7. 7. The inspection method of claim 1, wherein the presence or absence of the defect is detected using dark field imaging.
  8. 8. The inspection method of claim 1, wherein the object comprises a plurality of recesses.
  9. 9. The inspection method of claim 8, wherein the plurality of recesses are arranged in a non-periodic manner.
  10. 10. The inspection method of claim 1, wherein the object comprises fused silica or quartz.
  11. 11. The inspection method of claim 1, wherein the object is an imprint template, or a mask suitable for use in EUV lithography.
  12. 12. An inspection method for detecting the presence or absence of a defect on an object, the object comprising a recess having a physical depth, the method comprising:
    providing a liquid that is in contact with the object;
    directing radiation through the liquid and at the object, the liquid having a refractive index which substantially matches that of the object for a wavelength of the radiation;
    detecting radiation re-directed by the object or a defect on the object; and
    determining the presence or absence of a defect from the re-directed radiation.
  13. 13. The inspection method of claim 12, wherein the radiation has a wavelength in the liquid that is substantially equal to twice an optical depth of the recess.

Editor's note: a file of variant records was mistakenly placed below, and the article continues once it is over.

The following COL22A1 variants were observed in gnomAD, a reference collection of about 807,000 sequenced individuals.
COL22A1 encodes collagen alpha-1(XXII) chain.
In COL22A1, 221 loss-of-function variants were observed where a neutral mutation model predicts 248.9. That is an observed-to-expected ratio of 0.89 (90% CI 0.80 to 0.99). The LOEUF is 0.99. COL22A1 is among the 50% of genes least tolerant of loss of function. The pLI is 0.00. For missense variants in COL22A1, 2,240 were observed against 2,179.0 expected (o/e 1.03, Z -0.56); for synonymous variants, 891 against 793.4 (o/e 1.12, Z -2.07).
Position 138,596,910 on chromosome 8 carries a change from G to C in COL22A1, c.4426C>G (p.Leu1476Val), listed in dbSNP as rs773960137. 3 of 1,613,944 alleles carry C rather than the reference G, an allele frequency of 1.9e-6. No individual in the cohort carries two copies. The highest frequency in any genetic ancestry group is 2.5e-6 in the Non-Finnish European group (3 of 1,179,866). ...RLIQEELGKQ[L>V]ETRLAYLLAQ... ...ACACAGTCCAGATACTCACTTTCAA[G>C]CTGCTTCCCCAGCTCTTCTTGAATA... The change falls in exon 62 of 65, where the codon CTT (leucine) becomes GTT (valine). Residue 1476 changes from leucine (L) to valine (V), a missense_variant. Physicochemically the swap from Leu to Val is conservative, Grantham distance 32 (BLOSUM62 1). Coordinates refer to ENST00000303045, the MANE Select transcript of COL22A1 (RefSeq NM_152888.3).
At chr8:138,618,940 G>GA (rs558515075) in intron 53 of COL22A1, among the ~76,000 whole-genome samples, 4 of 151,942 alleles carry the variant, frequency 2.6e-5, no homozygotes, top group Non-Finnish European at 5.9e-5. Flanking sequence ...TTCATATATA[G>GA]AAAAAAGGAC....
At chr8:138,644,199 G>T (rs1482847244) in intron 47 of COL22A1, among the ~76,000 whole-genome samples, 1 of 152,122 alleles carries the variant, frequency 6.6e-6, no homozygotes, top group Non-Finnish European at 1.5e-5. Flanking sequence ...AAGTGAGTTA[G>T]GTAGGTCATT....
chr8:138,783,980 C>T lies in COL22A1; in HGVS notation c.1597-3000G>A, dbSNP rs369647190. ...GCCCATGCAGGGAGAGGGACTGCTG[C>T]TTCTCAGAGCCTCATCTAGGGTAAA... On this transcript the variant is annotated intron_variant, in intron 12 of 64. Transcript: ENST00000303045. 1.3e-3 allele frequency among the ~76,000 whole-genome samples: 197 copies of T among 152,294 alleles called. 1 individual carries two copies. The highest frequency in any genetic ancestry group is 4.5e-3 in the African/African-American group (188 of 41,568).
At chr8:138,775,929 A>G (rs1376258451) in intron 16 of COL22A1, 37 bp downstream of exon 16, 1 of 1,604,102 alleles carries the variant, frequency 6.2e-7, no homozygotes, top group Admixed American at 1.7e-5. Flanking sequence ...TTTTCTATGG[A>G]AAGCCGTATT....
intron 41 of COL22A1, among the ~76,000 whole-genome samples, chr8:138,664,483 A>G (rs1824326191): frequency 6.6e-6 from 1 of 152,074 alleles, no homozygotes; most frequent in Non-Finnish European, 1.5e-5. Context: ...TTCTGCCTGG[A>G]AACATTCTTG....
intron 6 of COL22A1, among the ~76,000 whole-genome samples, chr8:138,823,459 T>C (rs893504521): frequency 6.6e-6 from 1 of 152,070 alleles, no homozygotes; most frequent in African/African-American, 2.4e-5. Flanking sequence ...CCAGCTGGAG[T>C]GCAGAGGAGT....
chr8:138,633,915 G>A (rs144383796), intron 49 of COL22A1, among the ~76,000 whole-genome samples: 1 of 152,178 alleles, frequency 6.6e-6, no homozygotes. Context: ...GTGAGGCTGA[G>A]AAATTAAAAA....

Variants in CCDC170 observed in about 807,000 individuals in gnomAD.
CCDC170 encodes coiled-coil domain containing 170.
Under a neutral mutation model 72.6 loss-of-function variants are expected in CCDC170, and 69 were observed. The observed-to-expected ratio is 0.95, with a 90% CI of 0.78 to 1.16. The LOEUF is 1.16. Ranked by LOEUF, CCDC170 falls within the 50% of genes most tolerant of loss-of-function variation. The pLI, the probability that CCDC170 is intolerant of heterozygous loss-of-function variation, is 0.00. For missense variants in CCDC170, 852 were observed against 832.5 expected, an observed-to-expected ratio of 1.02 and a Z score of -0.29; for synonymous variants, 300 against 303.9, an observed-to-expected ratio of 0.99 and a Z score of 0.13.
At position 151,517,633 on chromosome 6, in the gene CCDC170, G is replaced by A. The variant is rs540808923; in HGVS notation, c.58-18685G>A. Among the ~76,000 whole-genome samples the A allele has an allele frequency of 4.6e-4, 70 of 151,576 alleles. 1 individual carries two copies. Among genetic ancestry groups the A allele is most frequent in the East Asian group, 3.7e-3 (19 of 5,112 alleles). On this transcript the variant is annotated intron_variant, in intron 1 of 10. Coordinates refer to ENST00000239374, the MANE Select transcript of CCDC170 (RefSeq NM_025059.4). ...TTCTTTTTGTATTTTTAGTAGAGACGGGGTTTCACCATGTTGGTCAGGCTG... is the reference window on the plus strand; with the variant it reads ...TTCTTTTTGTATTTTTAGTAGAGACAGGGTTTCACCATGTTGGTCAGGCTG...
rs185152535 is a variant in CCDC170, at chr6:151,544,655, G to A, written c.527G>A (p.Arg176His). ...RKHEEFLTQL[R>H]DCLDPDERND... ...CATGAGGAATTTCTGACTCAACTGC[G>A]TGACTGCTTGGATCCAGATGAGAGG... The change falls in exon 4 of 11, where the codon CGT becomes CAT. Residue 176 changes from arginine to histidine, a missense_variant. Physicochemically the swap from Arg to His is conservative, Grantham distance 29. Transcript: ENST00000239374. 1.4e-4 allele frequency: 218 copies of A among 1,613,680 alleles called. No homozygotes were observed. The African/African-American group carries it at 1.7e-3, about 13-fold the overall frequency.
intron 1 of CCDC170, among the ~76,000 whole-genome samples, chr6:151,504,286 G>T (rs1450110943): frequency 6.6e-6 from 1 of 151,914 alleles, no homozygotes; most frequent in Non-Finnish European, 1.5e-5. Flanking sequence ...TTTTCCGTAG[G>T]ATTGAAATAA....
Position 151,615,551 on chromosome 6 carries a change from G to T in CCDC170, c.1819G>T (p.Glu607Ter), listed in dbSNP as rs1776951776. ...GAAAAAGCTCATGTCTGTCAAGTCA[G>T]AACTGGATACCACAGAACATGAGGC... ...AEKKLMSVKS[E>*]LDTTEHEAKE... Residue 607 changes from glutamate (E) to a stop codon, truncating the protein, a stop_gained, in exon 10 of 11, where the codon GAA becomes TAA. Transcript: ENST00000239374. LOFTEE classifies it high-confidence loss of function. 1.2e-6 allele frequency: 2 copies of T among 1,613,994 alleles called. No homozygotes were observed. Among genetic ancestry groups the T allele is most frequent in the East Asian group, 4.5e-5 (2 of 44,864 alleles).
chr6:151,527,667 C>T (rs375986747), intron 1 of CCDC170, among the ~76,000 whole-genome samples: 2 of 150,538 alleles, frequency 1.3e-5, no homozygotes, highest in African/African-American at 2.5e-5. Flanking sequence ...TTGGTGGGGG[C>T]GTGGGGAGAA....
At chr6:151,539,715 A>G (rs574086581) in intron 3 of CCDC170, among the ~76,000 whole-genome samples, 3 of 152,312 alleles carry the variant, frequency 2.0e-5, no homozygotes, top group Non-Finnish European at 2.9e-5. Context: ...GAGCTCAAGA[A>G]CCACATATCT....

14. 14. The inspection method of claim 12, wherein the presence or absence of the defect is determined from an intensity distribution, or a change in an intensity distribution, of the re-directed radiation.
  15. 15. The inspection method of claim 12, wherein the presence or absence of the defect is detected using dark field imaging.
  16. 16. An inspection apparatus to detect the presence or absence of a defect on an object, the object comprising a recess having a physical depth, the apparatus comprising:
    a radiation outlet configured to direct radiation at the object, the radiation outlet configured to direct radiation having a wavelength that is substantially equal to twice an optical depth of the recess;
    a detector configured to detect the radiation that is re-directed by the object or a defect on the object; and
    a detection arrangement configured to determine the presence or absence of a defect using the re-directed radiation.